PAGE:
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Wartime Correspondence

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Letter from Sarah Froiman to her Friends and Brother

Froiman, Sarah letter 1943
US Holocaust Memorial Museum

Sarah Froiman was twenty-four years old when German troops invaded Poland in 1939. Her hometown, Mińsk Mazowiecki, became part of an occupied area known as the Generalgouvernement.

The Froiman family was soon faced with the increasingly murderous policies of the occupation administration. Sarah's parents were most likely killed when the Mińsk ghetto was destroyed in the summer of 1942. Sarah and a few of her siblings managed to survive the wave of murders and secured temporary labor in the Rudzki plant in town.1 She found herself there along with her brothers Isadore and Mordechai and her sister Etele.

In May 1943, Isadore decided to flee the camp. He left with Leyb Rochman, another Jewish prisoner. They managed to find a hiding place close to the village of Dobre, about 15 miles north of Mińsk.2

About a month later, Sarah sent a letter from the camp addressed to her friends and her brother Isadore. It is unclear how Isadore received the letter and who the friends were, though the form of address indicates that they were women. It is also unclear why two different pieces of communication (to Isadore and to friends) were sent in a single message. Isadore received the message, and kept it throughout the war—a dangerous decision for a Jew in hiding in Poland. Sarah's letter is barely legible—it is impossible to read it in its entirety, as the frequent ellipses in the translation show. The text concerns the fate of the family, the well-being of her brother, the uncertain consequences of his flight, and a hope that they can be saved in spite of everything.

In June 1943, the Germans murdered the Jewish workers of the Rudzki factory, including Sarah and her siblings. Other siblings died at different periods in the Warsaw ghetto and Treblinka. Isadore was the sole survivor of the Froiman family.

Rudzki was a bridge-building company that had been taken over by the Krupp company during the Nazi occupation. The local Mińsk plant became a labor camp in which most survivors from the ghetto were forced to work. For more, see the USHMM Encyclopedia of Camps and Ghettos.

Leyb and Isadore both survived the Holocaust. Rochman's diary of their hiding was translated from Yiddish and published in 1983. Leyb Rochman, The Pit and the Trap: A Chronicle of Survival, trans. Moshe Kohn (New York: Holocaust Library, 1983).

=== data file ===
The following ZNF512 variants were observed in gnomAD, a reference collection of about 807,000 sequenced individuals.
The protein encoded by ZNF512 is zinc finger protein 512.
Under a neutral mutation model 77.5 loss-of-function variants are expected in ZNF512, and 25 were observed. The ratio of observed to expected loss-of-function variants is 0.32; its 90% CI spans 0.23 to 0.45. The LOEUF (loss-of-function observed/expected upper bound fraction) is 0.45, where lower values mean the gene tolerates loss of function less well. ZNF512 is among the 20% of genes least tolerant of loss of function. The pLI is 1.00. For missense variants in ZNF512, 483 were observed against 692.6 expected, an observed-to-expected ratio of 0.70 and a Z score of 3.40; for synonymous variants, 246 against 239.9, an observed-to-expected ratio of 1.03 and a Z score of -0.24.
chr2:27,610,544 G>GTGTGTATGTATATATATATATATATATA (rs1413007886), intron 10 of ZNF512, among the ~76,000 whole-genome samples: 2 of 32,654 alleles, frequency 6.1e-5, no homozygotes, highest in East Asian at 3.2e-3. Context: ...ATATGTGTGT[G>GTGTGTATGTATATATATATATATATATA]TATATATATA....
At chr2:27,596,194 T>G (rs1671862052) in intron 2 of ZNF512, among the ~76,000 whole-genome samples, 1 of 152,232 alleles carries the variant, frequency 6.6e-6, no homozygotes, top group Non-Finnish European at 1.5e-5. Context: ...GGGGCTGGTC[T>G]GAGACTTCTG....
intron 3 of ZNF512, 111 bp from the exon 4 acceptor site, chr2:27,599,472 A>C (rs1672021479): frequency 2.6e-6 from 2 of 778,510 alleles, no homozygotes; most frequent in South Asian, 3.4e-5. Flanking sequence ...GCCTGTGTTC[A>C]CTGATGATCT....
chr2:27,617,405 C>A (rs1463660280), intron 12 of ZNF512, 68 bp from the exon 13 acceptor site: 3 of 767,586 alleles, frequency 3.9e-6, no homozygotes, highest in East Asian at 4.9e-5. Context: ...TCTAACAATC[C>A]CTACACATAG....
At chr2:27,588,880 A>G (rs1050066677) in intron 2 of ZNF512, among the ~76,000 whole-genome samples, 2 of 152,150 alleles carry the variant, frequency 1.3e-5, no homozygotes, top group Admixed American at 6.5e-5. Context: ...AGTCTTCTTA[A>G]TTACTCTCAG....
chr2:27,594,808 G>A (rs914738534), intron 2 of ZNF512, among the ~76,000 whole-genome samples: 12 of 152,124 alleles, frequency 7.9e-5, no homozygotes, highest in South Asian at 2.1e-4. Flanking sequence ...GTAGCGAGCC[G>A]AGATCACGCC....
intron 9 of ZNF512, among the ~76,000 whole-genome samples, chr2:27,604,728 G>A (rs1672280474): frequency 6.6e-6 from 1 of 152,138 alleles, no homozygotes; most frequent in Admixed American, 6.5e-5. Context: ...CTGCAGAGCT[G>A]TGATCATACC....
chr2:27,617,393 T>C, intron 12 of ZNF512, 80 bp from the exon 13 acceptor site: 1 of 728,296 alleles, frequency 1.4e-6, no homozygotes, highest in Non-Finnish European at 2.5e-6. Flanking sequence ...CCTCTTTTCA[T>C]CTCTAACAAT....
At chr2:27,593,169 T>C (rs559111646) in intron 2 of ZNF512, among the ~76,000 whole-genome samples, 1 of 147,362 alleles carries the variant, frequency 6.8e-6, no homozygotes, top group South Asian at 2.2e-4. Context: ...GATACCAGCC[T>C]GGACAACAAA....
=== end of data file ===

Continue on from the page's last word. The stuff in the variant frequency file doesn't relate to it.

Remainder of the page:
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Best of friends,

Taking advantage of the opportunity, in case you remember us, I write these greetings […] words with much appreciation that you are at least interested in our fate. Ah! What suffering we already experienced since the time when we parted from Srule, accompanied by the one thought of what lay before us and not having any real opportunity to save ourselves. You already know about Michael […], and also my sister Etele has already been saved from death because she was on the way to Prusy as a Christian woman, and she was discovered. Imagine what she experienced before we spotted her back again at the Rudzki factory […] still want to be together for a longer time so that we could further spin the threads of our lives, although life is not presenting itself to us anymore in such […] We are […] from your […]. […] […]. It is like […] for us […].

[…] We implore you, please, as soon as you have any opportunity to help us, do not abandon us, for which we all thank you very much. One day we will […] our impressions […] sincere greetings […] sincere greetings.

Sarah Froiman.

Dear brother, finally after […] these thoughts, we received greetings from you. We take notice of your answer and your action. If we had foreseen that you would act that way and not otherwise, we would all have wanted […]. Now, as for my health, it's […] better. With regards to Etele […] took place. When you left, you […] much death that we have experienced, namely, […]. You also wrote about […]—I'm telling you that only with […] go in […] if […].

Maybe […] find somewhere to hide and if not we are lost. We don't have enough money to save ourselves with such […]. Maybe it will suffice to go with […] or with Uncle, and if not, we will rely on […]. Now, we're sending you […].

I hope that […]

Archival Information for This Item

Source (Credit)
US Holocaust Memorial Museum
RG Number 10.179
Date Created
June 1943
Author / Creator
Sarah Froiman
Minsk Mazowiecki, Poland
Reference Location
Prusy, Poland
Document Type Letter
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